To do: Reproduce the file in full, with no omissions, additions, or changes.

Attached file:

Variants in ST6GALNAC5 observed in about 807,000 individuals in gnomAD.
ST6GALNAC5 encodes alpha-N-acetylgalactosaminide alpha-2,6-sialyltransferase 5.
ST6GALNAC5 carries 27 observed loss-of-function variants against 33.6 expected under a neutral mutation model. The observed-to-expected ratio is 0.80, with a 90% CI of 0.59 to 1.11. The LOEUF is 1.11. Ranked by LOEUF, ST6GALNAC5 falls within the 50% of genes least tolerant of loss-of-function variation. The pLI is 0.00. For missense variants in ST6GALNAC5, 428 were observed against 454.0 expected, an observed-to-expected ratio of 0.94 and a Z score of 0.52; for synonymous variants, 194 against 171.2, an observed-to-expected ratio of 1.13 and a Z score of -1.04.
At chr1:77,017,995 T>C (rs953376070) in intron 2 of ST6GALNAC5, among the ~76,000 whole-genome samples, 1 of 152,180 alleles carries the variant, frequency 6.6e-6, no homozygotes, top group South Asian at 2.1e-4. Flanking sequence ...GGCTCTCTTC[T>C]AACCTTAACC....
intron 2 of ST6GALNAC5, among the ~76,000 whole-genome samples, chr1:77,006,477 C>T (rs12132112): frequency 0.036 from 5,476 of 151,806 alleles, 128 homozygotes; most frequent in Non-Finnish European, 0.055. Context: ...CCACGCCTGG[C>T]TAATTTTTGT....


Variants in ST6GALNAC5 observed in about 807,000 individuals in gnomAD.
ST6GALNAC5 encodes alpha-N-acetylgalactosaminide alpha-2,6-sialyltransferase 5.
ST6GALNAC5 carries 27 observed loss-of-function variants against 33.6 expected under a neutral mutation model. The observed-to-expected ratio is 0.80, with a 90% CI of 0.59 to 1.11. The LOEUF is 1.11. Ranked by LOEUF, ST6GALNAC5 falls within the 50% of genes least tolerant of loss-of-function variation. The pLI is 0.00. For missense variants in ST6GALNAC5, 428 were observed against 454.0 expected, an observed-to-expected ratio of 0.94 and a Z score of 0.52; for synonymous variants, 194 against 171.2, an observed-to-expected ratio of 1.13 and a Z score of -1.04.
At chr1:77,017,995 T>C (rs953376070) in intron 2 of ST6GALNAC5, among the ~76,000 whole-genome samples, 1 of 152,180 alleles carries the variant, frequency 6.6e-6, no homozygotes, top group South Asian at 2.1e-4. Flanking sequence ...GGCTCTCTTC[T>C]AACCTTAACC....
intron 2 of ST6GALNAC5, among the ~76,000 whole-genome samples, chr1:77,006,477 C>T (rs12132112): frequency 0.036 from 5,476 of 151,806 alleles, 128 homozygotes; most frequent in Non-Finnish European, 0.055. Context: ...CCACGCCTGG[C>T]TAATTTTTGT....